The Nord Blue OnePlus buds are the most playful of the three model colors (there’s also a gray one). In person, this color is very much teal. The Buds and the case match while the interior of the case is green-tinted yellow, like the color of a construction worker’s vest. The color scheme is playful and fun.
The only hint of branding on the Buds is “Designed by OnePlus” in laughably tiny letters. OnePlus could have opted to put a large “1+” logo somewhere on all the empty space of the case, but we appreciate it keeping the buds looking clean and classy.
Fit and comfort
Since the Buds don’t have interchangeable tips, it might limit the number of people that would be able to use the Buds with a snug fit. Personally, when I use earbuds tips, I’m in between a medium and larger tip, so if you have small ear canals, these might be too large for you.
For me, the OnePlus Buds fit snugly and don’t wiggle out. They are comfortable enough to wear for a few hours at a time, and I can even wear them when I got on long bike-rides without signs of slipping out of my ear.
Even in my hour-long yoga sessions, the Buds stay put and don’t try to slide out before I’m don’t with them. Again, this will depend on the size of your ear canals, so it yours are on the smaller side, you might want to look at something else.
Features and in-call quality
The Buds are a bit limited when it comes to the feature list. The CD-resembling pads on the Buds are actually touch pads. Each one is able to recognize a double-tap command, which can be customized if you have them paired to a OnePlus smartphone. Otherwise, the Buds double-tap action on each bud will only skip to the next song.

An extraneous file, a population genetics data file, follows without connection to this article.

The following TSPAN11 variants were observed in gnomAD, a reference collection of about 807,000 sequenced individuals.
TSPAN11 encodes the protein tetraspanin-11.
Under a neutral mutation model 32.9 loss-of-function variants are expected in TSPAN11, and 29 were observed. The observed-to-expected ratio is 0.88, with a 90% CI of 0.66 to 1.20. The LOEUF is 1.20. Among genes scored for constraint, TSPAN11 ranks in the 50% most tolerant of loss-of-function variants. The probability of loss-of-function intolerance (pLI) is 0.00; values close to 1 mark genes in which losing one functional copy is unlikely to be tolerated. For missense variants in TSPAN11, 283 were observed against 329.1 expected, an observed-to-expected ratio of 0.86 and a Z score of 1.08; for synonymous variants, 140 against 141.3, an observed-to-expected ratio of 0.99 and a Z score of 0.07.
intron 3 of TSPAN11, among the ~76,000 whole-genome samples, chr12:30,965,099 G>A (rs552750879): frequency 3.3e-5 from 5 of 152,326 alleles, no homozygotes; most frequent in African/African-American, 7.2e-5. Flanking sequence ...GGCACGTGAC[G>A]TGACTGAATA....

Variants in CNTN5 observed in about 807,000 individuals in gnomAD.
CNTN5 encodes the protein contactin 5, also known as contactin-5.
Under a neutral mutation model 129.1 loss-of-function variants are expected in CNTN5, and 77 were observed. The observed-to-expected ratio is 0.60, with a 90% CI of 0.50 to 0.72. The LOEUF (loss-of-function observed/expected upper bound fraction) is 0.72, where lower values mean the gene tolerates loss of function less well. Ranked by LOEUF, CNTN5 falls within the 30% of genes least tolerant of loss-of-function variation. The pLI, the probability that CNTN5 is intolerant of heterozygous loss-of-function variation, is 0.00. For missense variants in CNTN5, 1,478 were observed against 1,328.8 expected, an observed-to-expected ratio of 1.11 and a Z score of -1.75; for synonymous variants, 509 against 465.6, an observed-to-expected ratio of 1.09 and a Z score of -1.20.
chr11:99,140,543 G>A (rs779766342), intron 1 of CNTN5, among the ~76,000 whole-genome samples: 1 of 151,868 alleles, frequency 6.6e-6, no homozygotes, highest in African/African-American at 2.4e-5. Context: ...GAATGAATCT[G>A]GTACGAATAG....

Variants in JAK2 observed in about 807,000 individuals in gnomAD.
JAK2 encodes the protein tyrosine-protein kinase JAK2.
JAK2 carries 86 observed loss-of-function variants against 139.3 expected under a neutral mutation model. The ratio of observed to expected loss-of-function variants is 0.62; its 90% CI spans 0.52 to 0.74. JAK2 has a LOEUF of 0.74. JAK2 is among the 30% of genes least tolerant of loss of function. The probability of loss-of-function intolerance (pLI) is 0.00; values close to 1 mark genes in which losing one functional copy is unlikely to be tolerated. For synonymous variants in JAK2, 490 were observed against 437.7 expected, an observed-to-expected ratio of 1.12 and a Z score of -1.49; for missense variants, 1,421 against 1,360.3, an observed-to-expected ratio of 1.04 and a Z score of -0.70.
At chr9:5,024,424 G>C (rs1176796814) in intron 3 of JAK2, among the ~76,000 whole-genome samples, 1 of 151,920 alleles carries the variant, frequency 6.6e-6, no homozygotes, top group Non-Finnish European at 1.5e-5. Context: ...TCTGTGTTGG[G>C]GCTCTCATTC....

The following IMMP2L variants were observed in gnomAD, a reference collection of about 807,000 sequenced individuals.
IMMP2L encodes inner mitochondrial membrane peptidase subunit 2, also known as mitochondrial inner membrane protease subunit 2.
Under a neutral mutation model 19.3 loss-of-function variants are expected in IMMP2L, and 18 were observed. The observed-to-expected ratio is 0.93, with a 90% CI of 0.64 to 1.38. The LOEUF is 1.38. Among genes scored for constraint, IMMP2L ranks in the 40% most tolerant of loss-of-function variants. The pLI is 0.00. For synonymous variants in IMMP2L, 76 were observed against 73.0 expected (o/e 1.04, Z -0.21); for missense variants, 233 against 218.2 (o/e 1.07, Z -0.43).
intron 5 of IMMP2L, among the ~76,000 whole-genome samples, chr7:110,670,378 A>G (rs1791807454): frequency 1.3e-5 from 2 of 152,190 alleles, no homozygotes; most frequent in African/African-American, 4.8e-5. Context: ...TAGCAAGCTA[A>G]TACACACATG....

The buds support multi-device connection. I found out that a long-press of either Bud disconnects them from the current device and connects to a previously-paired device. I like this feature. It lets me switch between my main smartphone and a laptop.
I wasn’t able to adjust any of the double-tap settings, but an OTA update is planned for the end of the month for OnePlus phones. With this OTA, you’ll be able to set either Bud to activate the following actions with a double-tap: Play/pause, skip forward, skip back, answer/end call, and activate voice assistant.
There’s also a built-in “Find device” feature, so long as you’re connected to a OnePlus device. This could come in handy if you happen to drop a Bud under some furniture and it is still freshly connected, but probably won’t if you placed it down somewhere a day ago.
Although the OnePlus buds are compatible with all non-OnePlus Android phones as well as iOS devices, there is currently no companion app to go along with the OnePlus Buds. If OnePlus did release an app for its Buds (which it should) I would recommend that it adds EQ presets for its Buds. It would also allow non-OnePlus phones to change the double-tap action for each bud.
The Buds to have in-ear detection, so they’ll automatically pause if you pull one out. If you put the Bud or Buds back in shortly after, the music will resume playing.
OnePlus mentioned that these earbuds feature “environmental noise cancellation” in the microphones which work well for phone calls. I placed a few calls using the Buds and although they could tell I was using a Bluetooth headset, my callers were able to hear me clearly, even with music playing at a moderate volume around me. Although they could hear there was music, they were unable to make it out.
On the other hand, I could hear my caller clearly, and since these Buds don’t have noise isolating tips, I was able to hear myself speaking without the strange disorientation that I’d feel if my ears were otherwise plugged.